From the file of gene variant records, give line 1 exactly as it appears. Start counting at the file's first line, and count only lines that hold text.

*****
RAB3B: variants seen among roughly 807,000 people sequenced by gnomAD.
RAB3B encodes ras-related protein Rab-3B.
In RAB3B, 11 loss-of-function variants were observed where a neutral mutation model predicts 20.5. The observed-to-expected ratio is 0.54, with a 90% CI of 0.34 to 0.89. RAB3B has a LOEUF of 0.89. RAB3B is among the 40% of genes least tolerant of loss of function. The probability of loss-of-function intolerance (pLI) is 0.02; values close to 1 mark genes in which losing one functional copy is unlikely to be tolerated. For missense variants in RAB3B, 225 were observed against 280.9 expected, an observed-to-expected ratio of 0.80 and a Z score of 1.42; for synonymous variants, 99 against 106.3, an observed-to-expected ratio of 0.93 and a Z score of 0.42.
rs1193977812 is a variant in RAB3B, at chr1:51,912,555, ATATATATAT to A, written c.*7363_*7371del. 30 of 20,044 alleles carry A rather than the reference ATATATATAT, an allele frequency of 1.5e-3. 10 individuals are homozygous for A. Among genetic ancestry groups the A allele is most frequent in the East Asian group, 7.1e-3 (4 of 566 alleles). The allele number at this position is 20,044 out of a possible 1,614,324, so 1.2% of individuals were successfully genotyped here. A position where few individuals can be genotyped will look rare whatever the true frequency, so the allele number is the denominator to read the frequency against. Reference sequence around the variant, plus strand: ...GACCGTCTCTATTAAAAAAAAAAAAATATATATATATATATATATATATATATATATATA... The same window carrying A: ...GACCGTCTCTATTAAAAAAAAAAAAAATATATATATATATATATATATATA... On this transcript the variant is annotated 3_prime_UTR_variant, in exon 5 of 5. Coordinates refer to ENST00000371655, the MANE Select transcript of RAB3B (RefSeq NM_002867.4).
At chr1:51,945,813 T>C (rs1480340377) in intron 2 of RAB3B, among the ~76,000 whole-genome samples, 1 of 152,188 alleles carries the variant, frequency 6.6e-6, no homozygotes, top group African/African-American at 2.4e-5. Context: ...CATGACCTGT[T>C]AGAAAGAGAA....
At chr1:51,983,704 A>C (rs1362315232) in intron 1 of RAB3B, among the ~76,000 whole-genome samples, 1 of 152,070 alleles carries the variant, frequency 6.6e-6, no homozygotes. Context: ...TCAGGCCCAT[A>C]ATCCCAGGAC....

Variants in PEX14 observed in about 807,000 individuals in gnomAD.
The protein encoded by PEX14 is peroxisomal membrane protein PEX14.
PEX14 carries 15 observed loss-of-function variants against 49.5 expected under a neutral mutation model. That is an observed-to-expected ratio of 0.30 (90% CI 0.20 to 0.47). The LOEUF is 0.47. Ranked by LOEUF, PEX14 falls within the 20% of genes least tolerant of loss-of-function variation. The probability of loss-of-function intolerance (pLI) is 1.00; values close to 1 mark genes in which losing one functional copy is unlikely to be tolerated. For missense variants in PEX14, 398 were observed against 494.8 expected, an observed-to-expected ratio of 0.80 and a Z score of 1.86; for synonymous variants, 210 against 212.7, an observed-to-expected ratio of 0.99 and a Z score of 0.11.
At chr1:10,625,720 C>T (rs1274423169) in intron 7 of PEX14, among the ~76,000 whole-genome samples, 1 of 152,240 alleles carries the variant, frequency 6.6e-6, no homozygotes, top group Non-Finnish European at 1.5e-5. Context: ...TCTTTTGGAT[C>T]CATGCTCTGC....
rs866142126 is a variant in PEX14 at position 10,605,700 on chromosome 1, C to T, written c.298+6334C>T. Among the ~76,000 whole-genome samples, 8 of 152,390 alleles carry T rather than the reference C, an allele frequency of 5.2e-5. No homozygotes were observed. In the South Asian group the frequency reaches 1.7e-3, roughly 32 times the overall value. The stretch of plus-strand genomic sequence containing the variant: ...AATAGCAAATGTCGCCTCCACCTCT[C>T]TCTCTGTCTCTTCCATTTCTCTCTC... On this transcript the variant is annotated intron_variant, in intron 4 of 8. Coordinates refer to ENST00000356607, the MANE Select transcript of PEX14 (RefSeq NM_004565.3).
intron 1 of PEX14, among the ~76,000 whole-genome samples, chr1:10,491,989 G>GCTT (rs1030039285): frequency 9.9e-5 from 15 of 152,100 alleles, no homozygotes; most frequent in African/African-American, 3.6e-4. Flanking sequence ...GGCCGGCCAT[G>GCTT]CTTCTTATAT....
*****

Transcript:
RAB3B: variants seen among roughly 807,000 people sequenced by gnomAD.